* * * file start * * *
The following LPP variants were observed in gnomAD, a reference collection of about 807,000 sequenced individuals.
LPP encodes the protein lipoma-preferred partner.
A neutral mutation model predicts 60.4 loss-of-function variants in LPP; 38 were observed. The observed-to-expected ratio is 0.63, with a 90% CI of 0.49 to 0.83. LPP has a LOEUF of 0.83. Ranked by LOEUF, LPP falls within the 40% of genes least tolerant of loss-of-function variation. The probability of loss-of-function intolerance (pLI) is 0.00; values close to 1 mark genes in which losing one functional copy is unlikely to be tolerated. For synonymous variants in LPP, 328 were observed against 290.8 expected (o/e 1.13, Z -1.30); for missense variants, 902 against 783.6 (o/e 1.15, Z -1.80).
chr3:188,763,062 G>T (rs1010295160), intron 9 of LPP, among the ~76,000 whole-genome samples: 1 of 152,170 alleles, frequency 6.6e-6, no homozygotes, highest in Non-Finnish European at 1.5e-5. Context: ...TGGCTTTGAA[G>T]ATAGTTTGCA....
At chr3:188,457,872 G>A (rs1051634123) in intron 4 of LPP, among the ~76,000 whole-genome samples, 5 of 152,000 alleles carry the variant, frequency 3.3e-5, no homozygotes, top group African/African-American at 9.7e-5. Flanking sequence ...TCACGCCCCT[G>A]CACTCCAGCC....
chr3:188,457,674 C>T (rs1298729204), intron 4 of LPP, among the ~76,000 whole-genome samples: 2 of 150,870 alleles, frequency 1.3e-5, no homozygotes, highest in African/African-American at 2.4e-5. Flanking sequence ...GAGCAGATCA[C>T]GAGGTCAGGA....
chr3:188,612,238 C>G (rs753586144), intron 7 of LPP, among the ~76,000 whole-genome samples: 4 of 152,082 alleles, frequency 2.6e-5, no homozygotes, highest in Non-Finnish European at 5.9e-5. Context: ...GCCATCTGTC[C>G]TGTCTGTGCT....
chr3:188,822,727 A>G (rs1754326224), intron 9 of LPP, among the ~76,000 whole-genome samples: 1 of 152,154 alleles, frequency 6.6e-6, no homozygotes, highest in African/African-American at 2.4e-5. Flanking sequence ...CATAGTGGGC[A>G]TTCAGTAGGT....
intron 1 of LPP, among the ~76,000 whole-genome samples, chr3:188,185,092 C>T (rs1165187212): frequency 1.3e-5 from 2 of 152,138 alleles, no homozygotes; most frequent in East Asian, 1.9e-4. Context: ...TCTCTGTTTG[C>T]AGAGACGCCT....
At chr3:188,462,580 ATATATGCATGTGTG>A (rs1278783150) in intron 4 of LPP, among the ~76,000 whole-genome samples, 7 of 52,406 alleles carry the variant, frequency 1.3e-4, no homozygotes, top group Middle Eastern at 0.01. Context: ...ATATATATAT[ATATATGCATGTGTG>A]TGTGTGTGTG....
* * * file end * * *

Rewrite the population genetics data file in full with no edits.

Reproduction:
The following LPP variants were observed in gnomAD, a reference collection of about 807,000 sequenced individuals.
LPP encodes the protein lipoma-preferred partner.
A neutral mutation model predicts 60.4 loss-of-function variants in LPP; 38 were observed. The observed-to-expected ratio is 0.63, with a 90% CI of 0.49 to 0.83. LPP has a LOEUF of 0.83. Ranked by LOEUF, LPP falls within the 40% of genes least tolerant of loss-of-function variation. The probability of loss-of-function intolerance (pLI) is 0.00; values close to 1 mark genes in which losing one functional copy is unlikely to be tolerated. For synonymous variants in LPP, 328 were observed against 290.8 expected (o/e 1.13, Z -1.30); for missense variants, 902 against 783.6 (o/e 1.15, Z -1.80).
chr3:188,763,062 G>T (rs1010295160), intron 9 of LPP, among the ~76,000 whole-genome samples: 1 of 152,170 alleles, frequency 6.6e-6, no homozygotes, highest in Non-Finnish European at 1.5e-5. Context: ...TGGCTTTGAA[G>T]ATAGTTTGCA....
At chr3:188,457,872 G>A (rs1051634123) in intron 4 of LPP, among the ~76,000 whole-genome samples, 5 of 152,000 alleles carry the variant, frequency 3.3e-5, no homozygotes, top group African/African-American at 9.7e-5. Flanking sequence ...TCACGCCCCT[G>A]CACTCCAGCC....
chr3:188,457,674 C>T (rs1298729204), intron 4 of LPP, among the ~76,000 whole-genome samples: 2 of 150,870 alleles, frequency 1.3e-5, no homozygotes, highest in African/African-American at 2.4e-5. Flanking sequence ...GAGCAGATCA[C>T]GAGGTCAGGA....
chr3:188,612,238 C>G (rs753586144), intron 7 of LPP, among the ~76,000 whole-genome samples: 4 of 152,082 alleles, frequency 2.6e-5, no homozygotes, highest in Non-Finnish European at 5.9e-5. Context: ...GCCATCTGTC[C>G]TGTCTGTGCT....
chr3:188,822,727 A>G (rs1754326224), intron 9 of LPP, among the ~76,000 whole-genome samples: 1 of 152,154 alleles, frequency 6.6e-6, no homozygotes, highest in African/African-American at 2.4e-5. Flanking sequence ...CATAGTGGGC[A>G]TTCAGTAGGT....
intron 1 of LPP, among the ~76,000 whole-genome samples, chr3:188,185,092 C>T (rs1165187212): frequency 1.3e-5 from 2 of 152,138 alleles, no homozygotes; most frequent in East Asian, 1.9e-4. Context: ...TCTCTGTTTG[C>T]AGAGACGCCT....
At chr3:188,462,580 ATATATGCATGTGTG>A (rs1278783150) in intron 4 of LPP, among the ~76,000 whole-genome samples, 7 of 52,406 alleles carry the variant, frequency 1.3e-4, no homozygotes, top group Middle Eastern at 0.01. Context: ...ATATATATAT[ATATATGCATGTGTG>A]TGTGTGTGTG....